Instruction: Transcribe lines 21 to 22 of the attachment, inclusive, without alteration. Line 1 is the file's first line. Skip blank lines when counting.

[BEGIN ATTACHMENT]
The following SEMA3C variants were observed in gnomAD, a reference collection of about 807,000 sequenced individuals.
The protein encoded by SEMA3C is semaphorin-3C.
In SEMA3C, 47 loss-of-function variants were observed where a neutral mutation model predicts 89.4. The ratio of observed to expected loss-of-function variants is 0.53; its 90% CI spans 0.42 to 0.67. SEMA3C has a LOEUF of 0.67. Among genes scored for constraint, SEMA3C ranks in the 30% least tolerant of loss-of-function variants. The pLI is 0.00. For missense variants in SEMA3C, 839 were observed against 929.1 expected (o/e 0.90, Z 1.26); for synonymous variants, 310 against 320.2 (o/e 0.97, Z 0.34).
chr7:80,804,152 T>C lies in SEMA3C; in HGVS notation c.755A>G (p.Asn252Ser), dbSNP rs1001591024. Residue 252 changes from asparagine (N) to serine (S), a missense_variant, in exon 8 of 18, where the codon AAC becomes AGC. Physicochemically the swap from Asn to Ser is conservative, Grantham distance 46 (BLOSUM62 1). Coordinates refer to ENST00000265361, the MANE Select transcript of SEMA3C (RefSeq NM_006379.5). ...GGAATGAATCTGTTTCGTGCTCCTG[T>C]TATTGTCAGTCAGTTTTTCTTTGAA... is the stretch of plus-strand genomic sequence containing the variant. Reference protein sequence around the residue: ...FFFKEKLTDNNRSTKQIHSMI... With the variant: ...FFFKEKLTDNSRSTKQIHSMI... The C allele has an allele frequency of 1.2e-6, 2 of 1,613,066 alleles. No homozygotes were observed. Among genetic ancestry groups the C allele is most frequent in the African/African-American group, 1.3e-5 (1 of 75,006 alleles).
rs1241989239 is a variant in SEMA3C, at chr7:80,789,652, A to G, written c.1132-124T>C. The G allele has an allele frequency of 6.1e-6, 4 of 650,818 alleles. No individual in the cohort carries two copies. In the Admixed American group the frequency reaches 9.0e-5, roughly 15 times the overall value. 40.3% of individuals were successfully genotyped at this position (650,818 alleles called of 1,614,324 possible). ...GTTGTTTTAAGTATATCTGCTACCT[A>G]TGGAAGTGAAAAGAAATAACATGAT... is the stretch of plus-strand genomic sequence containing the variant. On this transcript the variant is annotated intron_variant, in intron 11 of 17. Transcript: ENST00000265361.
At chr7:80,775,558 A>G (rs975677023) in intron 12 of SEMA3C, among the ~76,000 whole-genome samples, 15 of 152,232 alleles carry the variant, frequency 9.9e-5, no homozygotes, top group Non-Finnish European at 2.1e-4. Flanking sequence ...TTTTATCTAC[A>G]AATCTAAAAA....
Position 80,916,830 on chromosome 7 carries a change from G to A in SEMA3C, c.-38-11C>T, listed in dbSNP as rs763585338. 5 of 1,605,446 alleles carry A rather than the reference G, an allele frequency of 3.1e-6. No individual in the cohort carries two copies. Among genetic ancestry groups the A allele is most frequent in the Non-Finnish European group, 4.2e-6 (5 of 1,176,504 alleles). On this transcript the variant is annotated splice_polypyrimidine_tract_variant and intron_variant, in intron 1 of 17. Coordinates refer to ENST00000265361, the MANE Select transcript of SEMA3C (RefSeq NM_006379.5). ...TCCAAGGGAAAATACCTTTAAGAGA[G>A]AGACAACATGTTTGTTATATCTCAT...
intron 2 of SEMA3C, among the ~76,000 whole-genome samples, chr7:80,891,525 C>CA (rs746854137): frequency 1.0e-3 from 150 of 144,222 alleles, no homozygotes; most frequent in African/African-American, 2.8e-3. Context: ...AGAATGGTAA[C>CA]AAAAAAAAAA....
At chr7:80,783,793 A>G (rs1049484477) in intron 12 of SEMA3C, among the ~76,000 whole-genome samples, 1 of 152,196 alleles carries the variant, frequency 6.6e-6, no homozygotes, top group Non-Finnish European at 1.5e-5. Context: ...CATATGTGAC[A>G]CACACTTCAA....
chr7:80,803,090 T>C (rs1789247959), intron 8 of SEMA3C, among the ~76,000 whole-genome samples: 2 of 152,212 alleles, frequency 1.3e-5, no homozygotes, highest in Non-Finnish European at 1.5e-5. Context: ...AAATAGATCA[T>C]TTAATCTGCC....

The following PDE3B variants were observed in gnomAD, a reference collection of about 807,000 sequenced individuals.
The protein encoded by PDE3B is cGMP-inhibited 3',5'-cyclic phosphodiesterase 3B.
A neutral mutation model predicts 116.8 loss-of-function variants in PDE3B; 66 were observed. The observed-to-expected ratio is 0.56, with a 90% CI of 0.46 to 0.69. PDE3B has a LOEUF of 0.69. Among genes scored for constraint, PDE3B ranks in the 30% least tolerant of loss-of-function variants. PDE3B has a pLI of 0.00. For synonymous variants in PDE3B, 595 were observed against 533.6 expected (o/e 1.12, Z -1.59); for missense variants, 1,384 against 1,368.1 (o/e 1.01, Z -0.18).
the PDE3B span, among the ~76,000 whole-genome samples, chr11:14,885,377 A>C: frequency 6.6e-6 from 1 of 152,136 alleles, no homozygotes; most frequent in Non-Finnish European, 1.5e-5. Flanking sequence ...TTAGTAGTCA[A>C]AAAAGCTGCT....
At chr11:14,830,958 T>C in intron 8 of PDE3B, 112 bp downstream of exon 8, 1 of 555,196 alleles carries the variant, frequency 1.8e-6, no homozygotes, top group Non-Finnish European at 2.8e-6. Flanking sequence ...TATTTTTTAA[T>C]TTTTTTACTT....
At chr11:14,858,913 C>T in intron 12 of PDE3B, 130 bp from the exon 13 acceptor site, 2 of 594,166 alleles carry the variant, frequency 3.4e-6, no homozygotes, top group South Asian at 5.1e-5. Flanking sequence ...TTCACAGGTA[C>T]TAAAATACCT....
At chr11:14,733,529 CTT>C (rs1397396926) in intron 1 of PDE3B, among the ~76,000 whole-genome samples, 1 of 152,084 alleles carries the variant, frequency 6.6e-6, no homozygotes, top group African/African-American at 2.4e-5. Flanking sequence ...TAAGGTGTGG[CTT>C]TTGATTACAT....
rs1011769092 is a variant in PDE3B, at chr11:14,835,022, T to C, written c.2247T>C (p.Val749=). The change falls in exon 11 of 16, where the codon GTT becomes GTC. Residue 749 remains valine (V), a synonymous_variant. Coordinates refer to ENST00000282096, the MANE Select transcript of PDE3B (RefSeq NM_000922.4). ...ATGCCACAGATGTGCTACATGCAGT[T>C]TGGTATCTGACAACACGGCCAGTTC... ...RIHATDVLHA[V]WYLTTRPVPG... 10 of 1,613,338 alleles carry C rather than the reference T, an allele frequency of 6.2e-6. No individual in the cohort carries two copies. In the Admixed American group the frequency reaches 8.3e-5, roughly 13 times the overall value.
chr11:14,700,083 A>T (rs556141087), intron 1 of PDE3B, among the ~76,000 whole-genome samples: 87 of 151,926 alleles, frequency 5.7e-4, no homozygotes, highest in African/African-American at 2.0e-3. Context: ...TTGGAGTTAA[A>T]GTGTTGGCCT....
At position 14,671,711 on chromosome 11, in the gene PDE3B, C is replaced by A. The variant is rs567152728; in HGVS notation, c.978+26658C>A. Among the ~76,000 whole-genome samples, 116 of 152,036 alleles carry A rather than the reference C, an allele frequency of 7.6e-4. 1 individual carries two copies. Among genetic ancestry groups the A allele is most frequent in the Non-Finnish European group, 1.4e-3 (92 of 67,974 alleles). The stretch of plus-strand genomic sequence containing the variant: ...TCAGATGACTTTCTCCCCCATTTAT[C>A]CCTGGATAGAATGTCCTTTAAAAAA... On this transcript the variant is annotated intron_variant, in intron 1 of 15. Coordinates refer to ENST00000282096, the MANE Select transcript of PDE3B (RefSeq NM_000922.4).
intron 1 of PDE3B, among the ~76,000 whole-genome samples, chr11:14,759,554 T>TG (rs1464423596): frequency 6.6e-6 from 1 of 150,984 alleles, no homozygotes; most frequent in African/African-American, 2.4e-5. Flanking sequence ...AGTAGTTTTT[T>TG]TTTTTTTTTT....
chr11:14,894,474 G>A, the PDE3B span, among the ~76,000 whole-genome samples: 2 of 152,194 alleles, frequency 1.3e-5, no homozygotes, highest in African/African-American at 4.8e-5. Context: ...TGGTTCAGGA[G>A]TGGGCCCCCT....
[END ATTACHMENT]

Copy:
intron 1 of PDE3B, among the ~76,000 whole-genome samples, chr11:14,759,554 T>TG (rs1464423596): frequency 6.6e-6 from 1 of 150,984 alleles, no homozygotes; most frequent in African/African-American, 2.4e-5. Flanking sequence ...AGTAGTTTTT[T>TG]TTTTTTTTTT....
chr11:14,894,474 G>A, the PDE3B span, among the ~76,000 whole-genome samples: 2 of 152,194 alleles, frequency 1.3e-5, no homozygotes, highest in African/African-American at 4.8e-5. Context: ...TGGTTCAGGA[G>A]TGGGCCCCCT....